Can primary school place appeal allow you to jump the queue?(9 Posts)
Does anyone know how the primary school place appeals process affects the queue of children already waiting for a place at that school?
If a child is not 1st in the queue, but their appeal succeeds first, resulting in the class going above the approved number of pupils, are there any grounds for complaint for the child who was already 1st in the queue? If the school can expand the class to accept the child whose appeal succeeded first, then presumably they could have expanded the class to accept the child who was actually 1st in the queue?
My child is 1st in the queue, but I know that another child's appeal will happen before my child's. If that child's appeal succeeds then they could jump the queue before my child's appeal will have taken place.
Does anyone have any experience/advice for this situation? Thanks in advance!
Any successful appeal results in the child concerned being admitted. That does not give any grounds for complaint relating to those children ahead of that child in the waiting list. It also does not mean the school could have expanded the class to accept the child who was first in the queue, particularly if this would have breached infant class size limits.
I presume you are either not in England or we are not talking about Reception appeals since offers have not been made as yet. Can you expand on the situation a bit more please.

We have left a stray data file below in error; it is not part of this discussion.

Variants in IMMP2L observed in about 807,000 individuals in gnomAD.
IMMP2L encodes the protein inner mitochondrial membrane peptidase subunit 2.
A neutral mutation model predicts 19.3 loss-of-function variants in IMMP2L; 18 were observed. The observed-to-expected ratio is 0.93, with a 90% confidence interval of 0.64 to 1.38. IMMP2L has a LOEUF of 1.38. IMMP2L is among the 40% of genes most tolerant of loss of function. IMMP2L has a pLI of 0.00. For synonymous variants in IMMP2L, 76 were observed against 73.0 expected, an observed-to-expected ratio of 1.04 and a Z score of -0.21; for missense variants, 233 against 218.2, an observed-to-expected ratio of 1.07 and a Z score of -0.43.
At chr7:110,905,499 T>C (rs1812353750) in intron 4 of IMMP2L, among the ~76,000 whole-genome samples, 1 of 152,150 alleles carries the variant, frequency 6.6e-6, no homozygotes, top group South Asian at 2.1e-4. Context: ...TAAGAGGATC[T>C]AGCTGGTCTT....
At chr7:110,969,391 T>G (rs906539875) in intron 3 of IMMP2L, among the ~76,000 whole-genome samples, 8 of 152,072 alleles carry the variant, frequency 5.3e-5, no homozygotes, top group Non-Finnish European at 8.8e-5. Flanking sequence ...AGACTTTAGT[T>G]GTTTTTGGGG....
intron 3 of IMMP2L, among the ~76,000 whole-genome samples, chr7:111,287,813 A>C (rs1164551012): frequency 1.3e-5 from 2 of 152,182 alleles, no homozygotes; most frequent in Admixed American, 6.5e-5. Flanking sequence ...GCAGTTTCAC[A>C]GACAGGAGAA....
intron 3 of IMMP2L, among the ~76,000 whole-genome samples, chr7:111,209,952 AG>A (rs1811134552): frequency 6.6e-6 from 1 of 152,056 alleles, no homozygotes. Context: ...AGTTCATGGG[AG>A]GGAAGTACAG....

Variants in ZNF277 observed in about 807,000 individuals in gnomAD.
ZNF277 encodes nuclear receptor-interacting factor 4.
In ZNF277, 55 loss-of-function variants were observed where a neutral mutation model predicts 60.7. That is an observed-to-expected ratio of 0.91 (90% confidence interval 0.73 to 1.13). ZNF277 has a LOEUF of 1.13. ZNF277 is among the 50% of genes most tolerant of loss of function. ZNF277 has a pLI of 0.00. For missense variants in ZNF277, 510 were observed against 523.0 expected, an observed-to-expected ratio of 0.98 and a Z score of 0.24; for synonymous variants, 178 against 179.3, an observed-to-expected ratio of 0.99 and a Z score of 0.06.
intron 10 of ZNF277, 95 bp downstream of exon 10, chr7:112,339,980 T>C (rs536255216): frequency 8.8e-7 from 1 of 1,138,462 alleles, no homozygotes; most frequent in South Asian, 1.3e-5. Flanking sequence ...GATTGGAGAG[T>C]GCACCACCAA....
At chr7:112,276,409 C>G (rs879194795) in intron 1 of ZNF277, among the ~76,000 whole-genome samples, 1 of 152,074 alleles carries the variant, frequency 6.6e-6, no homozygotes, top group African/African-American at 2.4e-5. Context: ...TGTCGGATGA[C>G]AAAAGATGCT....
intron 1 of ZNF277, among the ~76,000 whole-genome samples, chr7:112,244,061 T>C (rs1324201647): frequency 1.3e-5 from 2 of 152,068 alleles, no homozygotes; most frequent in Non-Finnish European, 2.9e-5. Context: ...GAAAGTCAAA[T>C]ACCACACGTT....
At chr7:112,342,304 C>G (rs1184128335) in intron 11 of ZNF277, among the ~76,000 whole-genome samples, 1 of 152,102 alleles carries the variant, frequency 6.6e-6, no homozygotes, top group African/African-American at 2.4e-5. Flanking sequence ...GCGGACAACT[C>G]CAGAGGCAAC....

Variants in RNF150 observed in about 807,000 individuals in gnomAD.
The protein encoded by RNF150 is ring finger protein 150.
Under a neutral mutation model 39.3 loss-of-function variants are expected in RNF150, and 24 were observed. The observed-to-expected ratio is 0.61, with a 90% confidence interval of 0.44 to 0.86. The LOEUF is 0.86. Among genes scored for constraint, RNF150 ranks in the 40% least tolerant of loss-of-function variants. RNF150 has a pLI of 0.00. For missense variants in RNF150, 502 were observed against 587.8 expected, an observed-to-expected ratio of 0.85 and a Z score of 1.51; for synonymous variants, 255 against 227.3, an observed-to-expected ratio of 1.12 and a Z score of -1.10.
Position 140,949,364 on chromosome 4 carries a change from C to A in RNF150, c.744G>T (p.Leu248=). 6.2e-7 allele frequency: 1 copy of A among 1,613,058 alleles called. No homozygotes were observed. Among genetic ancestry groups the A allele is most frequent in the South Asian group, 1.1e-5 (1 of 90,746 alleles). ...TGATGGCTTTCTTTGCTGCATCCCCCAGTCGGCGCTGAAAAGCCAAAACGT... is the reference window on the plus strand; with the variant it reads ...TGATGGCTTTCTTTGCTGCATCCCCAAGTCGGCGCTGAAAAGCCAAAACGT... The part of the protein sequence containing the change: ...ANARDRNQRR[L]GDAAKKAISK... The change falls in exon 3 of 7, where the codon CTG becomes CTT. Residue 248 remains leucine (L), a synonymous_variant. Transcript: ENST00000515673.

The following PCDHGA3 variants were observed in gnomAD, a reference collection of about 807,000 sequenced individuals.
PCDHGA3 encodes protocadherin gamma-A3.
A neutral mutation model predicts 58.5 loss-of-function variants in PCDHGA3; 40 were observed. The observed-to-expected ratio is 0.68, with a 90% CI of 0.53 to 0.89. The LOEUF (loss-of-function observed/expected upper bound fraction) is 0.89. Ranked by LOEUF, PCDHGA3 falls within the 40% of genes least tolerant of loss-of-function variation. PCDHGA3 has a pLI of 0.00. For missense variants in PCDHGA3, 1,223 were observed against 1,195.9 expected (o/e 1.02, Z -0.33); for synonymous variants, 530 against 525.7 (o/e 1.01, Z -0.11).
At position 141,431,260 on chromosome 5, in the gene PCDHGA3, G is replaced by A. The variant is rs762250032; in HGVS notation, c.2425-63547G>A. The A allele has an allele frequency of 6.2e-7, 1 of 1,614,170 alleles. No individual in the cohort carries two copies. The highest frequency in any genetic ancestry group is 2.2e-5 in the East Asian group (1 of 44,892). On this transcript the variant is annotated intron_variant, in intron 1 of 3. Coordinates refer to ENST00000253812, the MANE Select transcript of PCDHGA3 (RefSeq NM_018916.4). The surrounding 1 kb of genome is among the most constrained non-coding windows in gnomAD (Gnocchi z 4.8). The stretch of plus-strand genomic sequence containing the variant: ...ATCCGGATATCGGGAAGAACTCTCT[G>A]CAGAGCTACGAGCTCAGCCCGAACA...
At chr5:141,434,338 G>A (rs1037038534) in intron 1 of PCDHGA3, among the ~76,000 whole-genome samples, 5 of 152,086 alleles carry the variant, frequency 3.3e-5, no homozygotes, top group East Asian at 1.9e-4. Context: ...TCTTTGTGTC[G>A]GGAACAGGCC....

To elaborate a little...
Appeals are completely separate from the waiting list. To win an appeal you have to show that a mistake has been made and your child should have been admitted, or the admission authority's decision not to offer a place to your child was unreasonable, or that the disadvantage to your child through not being admitted outweighs the disadvantage to the school of having to cope with an additional child. For infant class size cases (i.e. most appeals for entry to Reception, Y1 or Y2) you can only win on the first two grounds I have listed.
If the appeal panel decides to admit the child they are admitted immediately regardless of their position in the waiting list. This does not give any grounds for complaint by the parents of other children in the waiting list and it does not allow them to argue that the school should have expanded the class to allow their child to be admitted. Once there has been a successful appeal no children will be admitted from the waiting list until the class is back down to its normal size. So if there is one successful appeal two pupils will need to leave the school before a place is offered to the waiting list.
If there are multiple appeals for the same year group in the same school they should, if possible, all be heard by the same appeal panel. The panel will not make a decision on any of the appeals until it has heard all of them.
GeorgiaP I think prh's last paragraph is key here. There shouldn't be a situation where two appeals for the same school are held days or weeks apart for the same year group. If the school was found to have space for an extra child, the second appeal would fare worse because the first appellant won. What should actually happen, if a school has space for one extra child, is that the panel considers the relative strength of the two appeal cases and decides which child should be admitted.